By The Leasing Group

Finding Your Competitive Edge

Check the Internet any day of the week and you’ll find no shortage of “experts” promoting easy paths to intelligent investing and wealth accumulation. How many times have you seen a title that begged you to see what the latest advice is for business success:  “Follow These Seven Strategies to Achieve Success.”

We’ve done the research for you and found the best business advice without any push to buy our latest book. Why you may ask? It’s simple to us, we want to help our customers become the most successful they can be. We know at The Leasing Group if we can propel you along on your path to success you’ll make our community a better  place to live,work, and grow.

Find an Edge

No company will get far without a solid value proposition, be it price, location, service, experience, quality or whatever else drives revenue.  Every entrepreneur must discover an edge.  What sets you apart from your competitors?  When you figure it out, go tell the world.

Be so good they can’t ignore you.” Marc Andressen, American Entrepreneur

Manage Risk

We evaluate options and make decisions everyday, and options carry risk.  The trick is to manage the process.  Before going bankrupt, the Penn Central Railroad bet the company on the future of passenger trains.  That was a big risk.  Penn would have been better off hedging their bet with automobiles and airplanes.

Be Disciplined

Someone once told us that a good entrepreneur never does anything between 8:00 and 5:00 that can be done between 5:00 and 8:00.  In other words, working hours are made for selling.  Paperwork comes later. That takes a lot of discipline.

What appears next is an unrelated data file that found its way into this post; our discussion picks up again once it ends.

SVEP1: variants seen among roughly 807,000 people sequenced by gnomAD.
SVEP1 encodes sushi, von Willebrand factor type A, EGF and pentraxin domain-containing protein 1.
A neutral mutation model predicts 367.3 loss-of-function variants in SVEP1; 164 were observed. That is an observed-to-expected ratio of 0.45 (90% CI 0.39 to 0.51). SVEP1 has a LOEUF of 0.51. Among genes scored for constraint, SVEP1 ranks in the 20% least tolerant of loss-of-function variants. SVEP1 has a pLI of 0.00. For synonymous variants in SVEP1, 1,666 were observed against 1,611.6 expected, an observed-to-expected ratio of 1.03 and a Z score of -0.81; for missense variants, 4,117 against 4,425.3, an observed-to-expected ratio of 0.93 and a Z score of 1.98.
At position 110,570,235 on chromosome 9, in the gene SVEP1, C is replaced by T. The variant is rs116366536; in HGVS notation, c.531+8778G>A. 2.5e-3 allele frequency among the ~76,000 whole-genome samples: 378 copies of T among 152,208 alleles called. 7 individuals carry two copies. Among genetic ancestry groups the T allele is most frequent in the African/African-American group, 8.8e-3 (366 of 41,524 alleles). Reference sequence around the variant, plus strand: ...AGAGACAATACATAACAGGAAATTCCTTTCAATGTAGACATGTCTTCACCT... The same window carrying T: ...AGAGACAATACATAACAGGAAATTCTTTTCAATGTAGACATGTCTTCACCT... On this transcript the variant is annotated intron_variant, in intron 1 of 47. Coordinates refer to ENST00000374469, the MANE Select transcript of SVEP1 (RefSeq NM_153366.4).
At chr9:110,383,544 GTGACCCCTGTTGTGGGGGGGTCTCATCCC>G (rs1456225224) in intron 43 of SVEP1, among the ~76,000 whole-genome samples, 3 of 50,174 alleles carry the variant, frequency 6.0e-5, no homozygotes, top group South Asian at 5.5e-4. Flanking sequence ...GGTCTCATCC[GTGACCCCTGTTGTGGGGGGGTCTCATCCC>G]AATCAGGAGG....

Never stop learning.” – Indra Nooyi, Chief Executive Officer of PepsiCo

Stir Emotions

Make a concerted effort to get your customers, employees, and suppliers emotionally attached to your business. Products and services delivered well are great, but without emotional attachment they become another commodity.

Hire character. Train skill.” – Peter Schutz, former CEO of Porsche

Stay Flexible

Back in 2002, Apple was unprofitable.  Early Internet flops tarnished its appeal, its retail stores were viewed as dumb ideas and music-playing iPods were seen, even by some Apple executives, as relatively insignificant. Worse yet, the Macintosh wasn’t selling. Apple was flexible enough to innovate and create products and revenue streams well beyond their core sources of revenue in the past.  The rest is history as some have touted as Apple possibly being the 1st trillion $ capitalized company ever.

We’ve got to make the small things unforgettable. – Steve Jobs, Visionary

Find a market advantage, manage your risks, be intentional and disciplined, while also flexible to changing your entire focus.  Maybe you’ll be an Apple too.

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